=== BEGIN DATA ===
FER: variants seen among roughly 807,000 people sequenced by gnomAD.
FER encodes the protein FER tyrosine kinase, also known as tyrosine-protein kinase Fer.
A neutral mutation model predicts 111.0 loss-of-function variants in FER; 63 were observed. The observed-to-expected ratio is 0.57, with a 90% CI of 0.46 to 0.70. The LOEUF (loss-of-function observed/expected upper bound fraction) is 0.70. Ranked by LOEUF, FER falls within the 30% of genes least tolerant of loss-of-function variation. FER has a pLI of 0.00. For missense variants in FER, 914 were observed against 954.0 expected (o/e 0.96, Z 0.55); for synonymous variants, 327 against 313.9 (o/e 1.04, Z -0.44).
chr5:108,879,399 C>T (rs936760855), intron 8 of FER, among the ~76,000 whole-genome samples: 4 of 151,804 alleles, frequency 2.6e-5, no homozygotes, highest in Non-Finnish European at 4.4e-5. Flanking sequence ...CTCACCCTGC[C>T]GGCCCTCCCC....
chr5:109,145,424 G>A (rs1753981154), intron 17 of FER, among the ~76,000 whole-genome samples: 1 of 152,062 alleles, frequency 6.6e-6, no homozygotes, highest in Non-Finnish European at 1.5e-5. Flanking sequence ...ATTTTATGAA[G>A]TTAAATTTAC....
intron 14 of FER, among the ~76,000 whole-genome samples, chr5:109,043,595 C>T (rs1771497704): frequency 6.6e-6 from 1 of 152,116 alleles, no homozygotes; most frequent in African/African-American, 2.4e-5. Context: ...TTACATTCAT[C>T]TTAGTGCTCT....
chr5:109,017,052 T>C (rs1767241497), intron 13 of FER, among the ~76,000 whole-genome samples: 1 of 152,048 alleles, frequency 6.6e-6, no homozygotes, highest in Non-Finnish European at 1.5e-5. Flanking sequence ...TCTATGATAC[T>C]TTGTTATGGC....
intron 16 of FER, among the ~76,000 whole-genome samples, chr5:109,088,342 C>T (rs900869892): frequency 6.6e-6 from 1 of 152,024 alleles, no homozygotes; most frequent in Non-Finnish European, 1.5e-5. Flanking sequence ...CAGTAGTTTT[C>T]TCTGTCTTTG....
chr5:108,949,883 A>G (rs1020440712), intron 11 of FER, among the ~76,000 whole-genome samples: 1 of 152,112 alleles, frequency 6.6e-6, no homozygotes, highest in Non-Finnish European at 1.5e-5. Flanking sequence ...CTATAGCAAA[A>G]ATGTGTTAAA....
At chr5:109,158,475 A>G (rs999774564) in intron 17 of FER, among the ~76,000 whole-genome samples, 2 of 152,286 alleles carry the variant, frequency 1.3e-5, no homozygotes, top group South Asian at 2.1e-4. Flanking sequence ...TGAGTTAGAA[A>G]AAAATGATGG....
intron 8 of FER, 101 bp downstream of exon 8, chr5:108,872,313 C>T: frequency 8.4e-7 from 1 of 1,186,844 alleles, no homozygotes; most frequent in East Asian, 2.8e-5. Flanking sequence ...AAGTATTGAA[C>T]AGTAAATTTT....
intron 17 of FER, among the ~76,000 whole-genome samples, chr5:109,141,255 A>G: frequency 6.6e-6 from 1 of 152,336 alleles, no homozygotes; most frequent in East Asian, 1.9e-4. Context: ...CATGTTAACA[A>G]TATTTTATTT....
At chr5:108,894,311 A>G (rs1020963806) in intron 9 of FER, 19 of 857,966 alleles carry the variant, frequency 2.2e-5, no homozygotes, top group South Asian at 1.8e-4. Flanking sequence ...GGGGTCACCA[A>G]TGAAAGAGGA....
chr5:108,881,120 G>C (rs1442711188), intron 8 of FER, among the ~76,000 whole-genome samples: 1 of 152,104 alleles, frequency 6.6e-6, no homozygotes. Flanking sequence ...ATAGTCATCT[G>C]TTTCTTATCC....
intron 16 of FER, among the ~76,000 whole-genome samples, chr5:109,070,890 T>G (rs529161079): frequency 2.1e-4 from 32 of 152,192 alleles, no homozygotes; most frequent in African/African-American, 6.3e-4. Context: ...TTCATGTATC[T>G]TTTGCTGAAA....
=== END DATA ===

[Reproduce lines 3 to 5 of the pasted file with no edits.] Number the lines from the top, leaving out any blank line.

A neutral mutation model predicts 111.0 loss-of-function variants in FER; 63 were observed. The observed-to-expected ratio is 0.57, with a 90% CI of 0.46 to 0.70. The LOEUF (loss-of-function observed/expected upper bound fraction) is 0.70. Ranked by LOEUF, FER falls within the 30% of genes least tolerant of loss-of-function variation. FER has a pLI of 0.00. For missense variants in FER, 914 were observed against 954.0 expected (o/e 0.96, Z 0.55); for synonymous variants, 327 against 313.9 (o/e 1.04, Z -0.44).
chr5:108,879,399 C>T (rs936760855), intron 8 of FER, among the ~76,000 whole-genome samples: 4 of 151,804 alleles, frequency 2.6e-5, no homozygotes, highest in Non-Finnish European at 4.4e-5. Flanking sequence ...CTCACCCTGC[C>T]GGCCCTCCCC....
chr5:109,145,424 G>A (rs1753981154), intron 17 of FER, among the ~76,000 whole-genome samples: 1 of 152,062 alleles, frequency 6.6e-6, no homozygotes, highest in Non-Finnish European at 1.5e-5. Flanking sequence ...ATTTTATGAA[G>A]TTAAATTTAC....